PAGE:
Back in 2006, Peter Bjorn and John were at the leading edge of the ‘Swedish Invasion’ (QRO’s Swedish Sensations) thanks to Writer’s Block and especially its hit single “Young Folks”, featuring then-of-The Concretes (QRO album review) Victoria Bergsman, sweeping the States and even appearing on Saturday Night Live. Their simple-but-catchy sound drew from the sixties shine, but with modern beats. Living Thing, however, introduces an indietronic element that takes away much of that natural feel, the new sound missing more than it hits.
But first those hits, and Living has two strong ones in singles “Nothing To Worry About” and “Lay It Down”. Both add a group-sing chorus to their catchy rhythms, which somehow sees “Nothing” exceed and even deliver on its ProTools-y slyness (like U2 failed to do on their most recent single, “Get On Your Boots” – QRO album review), and “Lay” likewise on its pseudo-tough guy act. In between, the record’s title track has an interesting group chorus and stripped, African-style drumming (akin to Paul Simon’s iconic Graceland) – just as Bergsman’s voice really livened up “Young Folks”, so too do the group choruses spark when added.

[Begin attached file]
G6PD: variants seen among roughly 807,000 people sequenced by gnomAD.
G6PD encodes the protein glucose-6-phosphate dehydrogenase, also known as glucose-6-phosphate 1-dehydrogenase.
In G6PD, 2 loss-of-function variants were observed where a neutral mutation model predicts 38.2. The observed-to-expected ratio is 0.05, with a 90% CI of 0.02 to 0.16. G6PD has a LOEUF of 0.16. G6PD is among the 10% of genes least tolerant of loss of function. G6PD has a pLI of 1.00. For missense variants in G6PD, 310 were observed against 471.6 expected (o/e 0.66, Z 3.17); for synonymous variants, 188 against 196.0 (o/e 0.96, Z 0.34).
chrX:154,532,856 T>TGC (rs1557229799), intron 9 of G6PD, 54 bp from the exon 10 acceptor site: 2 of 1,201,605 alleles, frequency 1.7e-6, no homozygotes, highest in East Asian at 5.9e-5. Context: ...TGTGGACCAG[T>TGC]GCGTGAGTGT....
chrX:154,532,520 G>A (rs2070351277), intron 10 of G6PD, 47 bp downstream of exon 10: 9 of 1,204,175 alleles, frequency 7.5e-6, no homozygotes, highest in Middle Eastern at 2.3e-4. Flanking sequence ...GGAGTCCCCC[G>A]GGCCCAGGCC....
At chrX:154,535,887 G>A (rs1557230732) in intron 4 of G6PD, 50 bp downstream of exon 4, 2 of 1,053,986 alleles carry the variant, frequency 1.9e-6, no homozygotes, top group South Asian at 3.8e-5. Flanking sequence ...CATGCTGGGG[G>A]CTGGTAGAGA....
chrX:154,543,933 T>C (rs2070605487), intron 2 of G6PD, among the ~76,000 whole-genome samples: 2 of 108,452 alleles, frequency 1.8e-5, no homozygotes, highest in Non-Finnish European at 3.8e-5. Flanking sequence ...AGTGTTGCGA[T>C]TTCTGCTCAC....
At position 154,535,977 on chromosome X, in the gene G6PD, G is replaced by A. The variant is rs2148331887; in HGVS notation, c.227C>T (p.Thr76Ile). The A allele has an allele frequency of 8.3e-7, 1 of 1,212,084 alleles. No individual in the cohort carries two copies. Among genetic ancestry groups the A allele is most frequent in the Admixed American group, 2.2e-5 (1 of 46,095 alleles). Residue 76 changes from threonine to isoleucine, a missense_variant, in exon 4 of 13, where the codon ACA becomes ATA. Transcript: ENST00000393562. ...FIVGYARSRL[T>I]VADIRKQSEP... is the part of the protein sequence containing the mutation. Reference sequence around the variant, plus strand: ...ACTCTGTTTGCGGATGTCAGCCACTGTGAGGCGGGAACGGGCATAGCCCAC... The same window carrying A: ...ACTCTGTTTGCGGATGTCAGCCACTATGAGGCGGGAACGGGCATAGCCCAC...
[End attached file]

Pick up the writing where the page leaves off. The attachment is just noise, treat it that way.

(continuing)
If only Living Thing had used them more often. Sometimes, this indietronic PB&J comes over well, like early on with “Just the Past” or later with “Blue Period Picasso”, but both of those are proceeded by just-okay tracks, “It Don’t Move Me” and “Stay This Way”, respectively, which make this reinvention of sound feel unnecessary. Record opener “The Feeling” is semi-tronic, semi-catchy, but also semi-annoying, and the trio’s stabs at high haunt on “I’m Losing My Mind”, Euro-high “I Want You”, and electro-choral finisher “Last Night” just come off as relatively boring.
In some ways, this development had been foretold, and not just the Peter Bjorn and John’s more electric nature on last year’s digital/vinyl-only release, Seaside Rock. “Young Folks” was certainly a bigger hit than Writer’s Block – so big that it led guest star Bergsman to abandon her Concretes for a solo career as Taken By Trees, and her debut LP, produced by PB&J’s Björn Yttling, Open Field, was weak (QRO review). At least PB&J are trying to become a better, more interesting sandwich, and still have a few hits in them.
MP3 Stream: "Lay It Down"